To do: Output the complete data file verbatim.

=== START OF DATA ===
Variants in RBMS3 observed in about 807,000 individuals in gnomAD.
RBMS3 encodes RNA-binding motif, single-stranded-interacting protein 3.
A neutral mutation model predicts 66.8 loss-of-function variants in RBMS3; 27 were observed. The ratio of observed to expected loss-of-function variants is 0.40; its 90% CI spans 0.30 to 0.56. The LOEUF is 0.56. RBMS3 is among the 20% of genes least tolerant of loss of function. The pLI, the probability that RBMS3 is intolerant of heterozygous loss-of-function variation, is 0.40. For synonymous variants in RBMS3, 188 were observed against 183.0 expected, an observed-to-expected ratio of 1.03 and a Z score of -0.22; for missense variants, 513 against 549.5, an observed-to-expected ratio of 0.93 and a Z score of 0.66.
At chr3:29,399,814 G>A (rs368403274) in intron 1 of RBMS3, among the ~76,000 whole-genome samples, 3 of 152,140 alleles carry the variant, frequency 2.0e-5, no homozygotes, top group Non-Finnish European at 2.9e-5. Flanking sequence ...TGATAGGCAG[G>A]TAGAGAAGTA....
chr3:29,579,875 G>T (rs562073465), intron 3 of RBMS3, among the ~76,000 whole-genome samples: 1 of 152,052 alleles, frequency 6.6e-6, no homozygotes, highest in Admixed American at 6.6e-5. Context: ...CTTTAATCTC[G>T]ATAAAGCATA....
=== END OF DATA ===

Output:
Variants in RBMS3 observed in about 807,000 individuals in gnomAD.
RBMS3 encodes RNA-binding motif, single-stranded-interacting protein 3.
A neutral mutation model predicts 66.8 loss-of-function variants in RBMS3; 27 were observed. The ratio of observed to expected loss-of-function variants is 0.40; its 90% CI spans 0.30 to 0.56. The LOEUF is 0.56. RBMS3 is among the 20% of genes least tolerant of loss of function. The pLI, the probability that RBMS3 is intolerant of heterozygous loss-of-function variation, is 0.40. For synonymous variants in RBMS3, 188 were observed against 183.0 expected, an observed-to-expected ratio of 1.03 and a Z score of -0.22; for missense variants, 513 against 549.5, an observed-to-expected ratio of 0.93 and a Z score of 0.66.
At chr3:29,399,814 G>A (rs368403274) in intron 1 of RBMS3, among the ~76,000 whole-genome samples, 3 of 152,140 alleles carry the variant, frequency 2.0e-5, no homozygotes, top group Non-Finnish European at 2.9e-5. Flanking sequence ...TGATAGGCAG[G>A]TAGAGAAGTA....
chr3:29,579,875 G>T (rs562073465), intron 3 of RBMS3, among the ~76,000 whole-genome samples: 1 of 152,052 alleles, frequency 6.6e-6, no homozygotes, highest in Admixed American at 6.6e-5. Context: ...CTTTAATCTC[G>T]ATAAAGCATA....